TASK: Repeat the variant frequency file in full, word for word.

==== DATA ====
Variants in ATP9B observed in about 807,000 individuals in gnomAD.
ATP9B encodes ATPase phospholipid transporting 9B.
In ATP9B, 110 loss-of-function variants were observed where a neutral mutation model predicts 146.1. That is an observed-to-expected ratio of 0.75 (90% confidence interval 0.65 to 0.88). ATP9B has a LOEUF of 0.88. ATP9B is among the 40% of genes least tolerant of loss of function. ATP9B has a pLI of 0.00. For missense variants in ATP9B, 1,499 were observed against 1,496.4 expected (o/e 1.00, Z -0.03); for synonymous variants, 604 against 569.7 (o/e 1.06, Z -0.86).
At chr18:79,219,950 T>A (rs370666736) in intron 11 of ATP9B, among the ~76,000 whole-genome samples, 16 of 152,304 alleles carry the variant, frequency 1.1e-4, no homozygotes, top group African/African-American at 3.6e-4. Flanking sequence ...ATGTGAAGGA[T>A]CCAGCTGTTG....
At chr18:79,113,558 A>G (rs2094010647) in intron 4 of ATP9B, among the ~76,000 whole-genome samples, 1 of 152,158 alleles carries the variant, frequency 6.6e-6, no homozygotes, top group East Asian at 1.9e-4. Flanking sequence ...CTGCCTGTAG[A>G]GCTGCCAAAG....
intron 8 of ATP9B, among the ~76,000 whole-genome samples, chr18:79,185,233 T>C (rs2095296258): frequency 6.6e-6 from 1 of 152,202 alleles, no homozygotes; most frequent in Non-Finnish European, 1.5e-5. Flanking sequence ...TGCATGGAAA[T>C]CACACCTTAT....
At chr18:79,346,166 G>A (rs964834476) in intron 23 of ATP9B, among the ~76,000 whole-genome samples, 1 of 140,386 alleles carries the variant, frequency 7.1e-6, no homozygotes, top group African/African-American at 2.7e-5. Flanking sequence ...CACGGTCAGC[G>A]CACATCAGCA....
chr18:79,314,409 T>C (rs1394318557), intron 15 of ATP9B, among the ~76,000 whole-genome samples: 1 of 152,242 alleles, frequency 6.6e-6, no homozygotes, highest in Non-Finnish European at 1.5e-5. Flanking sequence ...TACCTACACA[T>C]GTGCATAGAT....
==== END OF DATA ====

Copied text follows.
Variants in ATP9B observed in about 807,000 individuals in gnomAD.
ATP9B encodes ATPase phospholipid transporting 9B.
In ATP9B, 110 loss-of-function variants were observed where a neutral mutation model predicts 146.1. That is an observed-to-expected ratio of 0.75 (90% confidence interval 0.65 to 0.88). ATP9B has a LOEUF of 0.88. ATP9B is among the 40% of genes least tolerant of loss of function. ATP9B has a pLI of 0.00. For missense variants in ATP9B, 1,499 were observed against 1,496.4 expected (o/e 1.00, Z -0.03); for synonymous variants, 604 against 569.7 (o/e 1.06, Z -0.86).
At chr18:79,219,950 T>A (rs370666736) in intron 11 of ATP9B, among the ~76,000 whole-genome samples, 16 of 152,304 alleles carry the variant, frequency 1.1e-4, no homozygotes, top group African/African-American at 3.6e-4. Flanking sequence ...ATGTGAAGGA[T>A]CCAGCTGTTG....
At chr18:79,113,558 A>G (rs2094010647) in intron 4 of ATP9B, among the ~76,000 whole-genome samples, 1 of 152,158 alleles carries the variant, frequency 6.6e-6, no homozygotes, top group East Asian at 1.9e-4. Flanking sequence ...CTGCCTGTAG[A>G]GCTGCCAAAG....
intron 8 of ATP9B, among the ~76,000 whole-genome samples, chr18:79,185,233 T>C (rs2095296258): frequency 6.6e-6 from 1 of 152,202 alleles, no homozygotes; most frequent in Non-Finnish European, 1.5e-5. Flanking sequence ...TGCATGGAAA[T>C]CACACCTTAT....
At chr18:79,346,166 G>A (rs964834476) in intron 23 of ATP9B, among the ~76,000 whole-genome samples, 1 of 140,386 alleles carries the variant, frequency 7.1e-6, no homozygotes, top group African/African-American at 2.7e-5. Flanking sequence ...CACGGTCAGC[G>A]CACATCAGCA....
chr18:79,314,409 T>C (rs1394318557), intron 15 of ATP9B, among the ~76,000 whole-genome samples: 1 of 152,242 alleles, frequency 6.6e-6, no homozygotes, highest in Non-Finnish European at 1.5e-5. Flanking sequence ...TACCTACACA[T>C]GTGCATAGAT....